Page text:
Lepidus was rewarded with the consulship in 46 BC after the defeat of the Pompeians in the East. Caesar also made Lepidus magister equitum (“Master of the Horse”), effectively his deputy. Caesar appears to have had greater confidence in Lepidus than in Mark Antony to keep order in Rome, after Antony’s inflammatory actions led to disturbances in 47 BC. Lepidus appears to have been genuinely shocked when Antony provocatively offered Caesar a crown at the Lupercalia festival, an act that helped to precipitate the conspiracy to kill Caesar. Lepidus was probably sitting next to Caesar at the time. According to Cicero, he groaned, turned away and had tears in his eyes. (Weigel, Lepidus: The Tarnished Triumvir, p. 40.)
When in February 44 BC Caesar was elected dictator for life by the senate, he made Lepidus Master of the Horse for the second time. The brief alliance in power of Caesar and Lepidus came to a sudden end when Caesar was assassinated on March 15 44 BC (the Ides of March). Caesar had dined at Lepidus’ house the night before his murder. One of the ringleaders of the conspiracy, Gaius Cassius Longinus, had argued for the killing of Lepidus and Mark Antony as well, but Marcus Junius Brutus had overruled him, saying the action was an execution and not a political coup.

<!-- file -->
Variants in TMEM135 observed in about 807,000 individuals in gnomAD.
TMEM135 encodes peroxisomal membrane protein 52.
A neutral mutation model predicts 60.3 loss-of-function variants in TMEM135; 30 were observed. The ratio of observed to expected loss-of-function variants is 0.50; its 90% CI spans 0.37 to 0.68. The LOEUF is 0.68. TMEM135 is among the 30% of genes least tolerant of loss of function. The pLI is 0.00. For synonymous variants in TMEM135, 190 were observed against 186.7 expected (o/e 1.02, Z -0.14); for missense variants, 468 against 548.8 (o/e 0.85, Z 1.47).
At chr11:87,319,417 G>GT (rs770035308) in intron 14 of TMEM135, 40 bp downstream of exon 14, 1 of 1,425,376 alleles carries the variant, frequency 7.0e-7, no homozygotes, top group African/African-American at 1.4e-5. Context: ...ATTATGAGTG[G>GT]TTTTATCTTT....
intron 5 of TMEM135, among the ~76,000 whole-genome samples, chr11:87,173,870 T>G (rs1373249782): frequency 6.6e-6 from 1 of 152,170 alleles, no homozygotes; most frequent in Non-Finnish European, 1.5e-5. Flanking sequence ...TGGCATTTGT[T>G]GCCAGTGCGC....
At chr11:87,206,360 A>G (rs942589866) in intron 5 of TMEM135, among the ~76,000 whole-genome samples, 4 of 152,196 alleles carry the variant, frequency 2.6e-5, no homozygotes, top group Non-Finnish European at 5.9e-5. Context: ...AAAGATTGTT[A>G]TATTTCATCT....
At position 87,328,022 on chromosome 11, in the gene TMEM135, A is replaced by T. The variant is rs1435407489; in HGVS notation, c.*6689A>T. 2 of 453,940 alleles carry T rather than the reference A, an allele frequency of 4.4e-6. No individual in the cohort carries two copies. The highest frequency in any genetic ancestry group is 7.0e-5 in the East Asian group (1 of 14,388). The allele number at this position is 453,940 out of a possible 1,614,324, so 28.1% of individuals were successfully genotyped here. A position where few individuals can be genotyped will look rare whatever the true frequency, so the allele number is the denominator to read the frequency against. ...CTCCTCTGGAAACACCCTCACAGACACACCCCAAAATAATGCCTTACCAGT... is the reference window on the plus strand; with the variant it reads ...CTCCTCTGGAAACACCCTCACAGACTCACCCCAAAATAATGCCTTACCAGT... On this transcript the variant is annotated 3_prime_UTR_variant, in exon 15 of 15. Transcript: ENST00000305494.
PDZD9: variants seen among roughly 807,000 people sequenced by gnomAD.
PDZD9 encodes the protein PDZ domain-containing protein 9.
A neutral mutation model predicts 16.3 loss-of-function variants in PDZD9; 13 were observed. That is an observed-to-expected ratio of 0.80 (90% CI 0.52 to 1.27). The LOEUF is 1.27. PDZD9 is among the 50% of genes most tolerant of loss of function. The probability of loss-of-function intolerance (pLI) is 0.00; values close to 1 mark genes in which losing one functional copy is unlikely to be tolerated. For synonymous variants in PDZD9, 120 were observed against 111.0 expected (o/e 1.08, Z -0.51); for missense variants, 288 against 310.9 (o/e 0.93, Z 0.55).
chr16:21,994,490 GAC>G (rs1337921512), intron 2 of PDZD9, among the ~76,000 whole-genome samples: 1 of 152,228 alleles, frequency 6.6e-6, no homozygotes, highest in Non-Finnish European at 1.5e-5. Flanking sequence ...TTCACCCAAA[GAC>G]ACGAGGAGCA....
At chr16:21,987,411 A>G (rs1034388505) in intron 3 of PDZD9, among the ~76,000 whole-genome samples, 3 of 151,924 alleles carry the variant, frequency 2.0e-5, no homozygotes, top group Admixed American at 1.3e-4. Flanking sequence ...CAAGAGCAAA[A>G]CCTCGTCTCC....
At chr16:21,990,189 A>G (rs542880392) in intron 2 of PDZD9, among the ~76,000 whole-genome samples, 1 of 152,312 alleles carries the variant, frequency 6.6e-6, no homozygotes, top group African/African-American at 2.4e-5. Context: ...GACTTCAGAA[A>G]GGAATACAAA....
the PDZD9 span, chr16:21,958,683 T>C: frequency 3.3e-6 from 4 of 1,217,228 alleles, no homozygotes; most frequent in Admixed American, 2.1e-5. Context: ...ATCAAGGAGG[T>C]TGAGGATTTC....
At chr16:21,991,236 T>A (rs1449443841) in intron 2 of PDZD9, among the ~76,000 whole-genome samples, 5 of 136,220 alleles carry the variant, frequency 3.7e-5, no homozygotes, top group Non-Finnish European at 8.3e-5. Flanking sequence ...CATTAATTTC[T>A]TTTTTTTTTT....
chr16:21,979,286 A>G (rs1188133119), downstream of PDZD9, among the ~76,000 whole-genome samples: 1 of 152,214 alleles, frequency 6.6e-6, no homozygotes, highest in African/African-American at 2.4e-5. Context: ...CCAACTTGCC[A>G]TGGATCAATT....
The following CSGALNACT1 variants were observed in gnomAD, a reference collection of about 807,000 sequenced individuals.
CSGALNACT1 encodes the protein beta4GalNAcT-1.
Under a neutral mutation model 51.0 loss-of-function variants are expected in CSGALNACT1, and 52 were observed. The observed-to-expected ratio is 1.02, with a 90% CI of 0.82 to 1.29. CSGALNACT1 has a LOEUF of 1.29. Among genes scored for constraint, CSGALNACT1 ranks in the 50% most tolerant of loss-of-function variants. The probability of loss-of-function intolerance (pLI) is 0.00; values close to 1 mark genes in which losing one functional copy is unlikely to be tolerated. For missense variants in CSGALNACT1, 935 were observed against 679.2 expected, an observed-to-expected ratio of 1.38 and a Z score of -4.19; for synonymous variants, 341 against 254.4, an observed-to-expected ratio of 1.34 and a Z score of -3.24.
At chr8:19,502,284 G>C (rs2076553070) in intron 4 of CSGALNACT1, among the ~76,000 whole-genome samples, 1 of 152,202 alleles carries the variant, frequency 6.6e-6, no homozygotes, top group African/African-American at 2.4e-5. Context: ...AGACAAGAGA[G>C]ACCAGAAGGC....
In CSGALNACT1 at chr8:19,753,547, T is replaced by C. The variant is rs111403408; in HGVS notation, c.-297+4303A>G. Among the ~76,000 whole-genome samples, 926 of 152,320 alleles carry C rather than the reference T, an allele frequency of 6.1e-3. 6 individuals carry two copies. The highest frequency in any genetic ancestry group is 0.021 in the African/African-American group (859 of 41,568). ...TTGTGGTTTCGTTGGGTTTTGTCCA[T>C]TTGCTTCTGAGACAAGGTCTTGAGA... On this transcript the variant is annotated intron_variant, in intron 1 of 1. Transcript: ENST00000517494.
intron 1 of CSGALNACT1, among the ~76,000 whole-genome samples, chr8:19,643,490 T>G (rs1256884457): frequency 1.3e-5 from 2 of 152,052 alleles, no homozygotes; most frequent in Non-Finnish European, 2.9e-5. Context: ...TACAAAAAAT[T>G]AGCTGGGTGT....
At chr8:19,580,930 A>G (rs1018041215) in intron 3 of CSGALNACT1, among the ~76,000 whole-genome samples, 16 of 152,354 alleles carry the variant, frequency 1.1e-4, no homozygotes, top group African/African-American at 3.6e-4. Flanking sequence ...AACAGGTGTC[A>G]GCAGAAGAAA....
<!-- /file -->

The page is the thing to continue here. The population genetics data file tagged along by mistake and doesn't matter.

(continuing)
As soon as Lepidus learned of Caesar’s murder, he acted decisively to maintain order by moving troops to the Campus Martius. He proposed using his army to punish Caesar’s killers, but was dissuaded by Antony and Aulus Hirtius. Lepidus and Antony both spoke in the Senate the following day, accepting an amnesty for the assassins in return for preservation of their offices and Caesar’s reforms. Lepidus also obtained the post of Pontifex Maximus.
At this point Pompey’s surviving son Sextus Pompey tried to take advantage of the turmoil to threaten Spain. Lepidus was sent to negotiate with him. Lepidus successfully negotiated an agreement with Sextus that maintained the peace. The senate voted him a public thanksgiving festival. Lepidus thereafter administered both Hispania and Narbonese Gaul.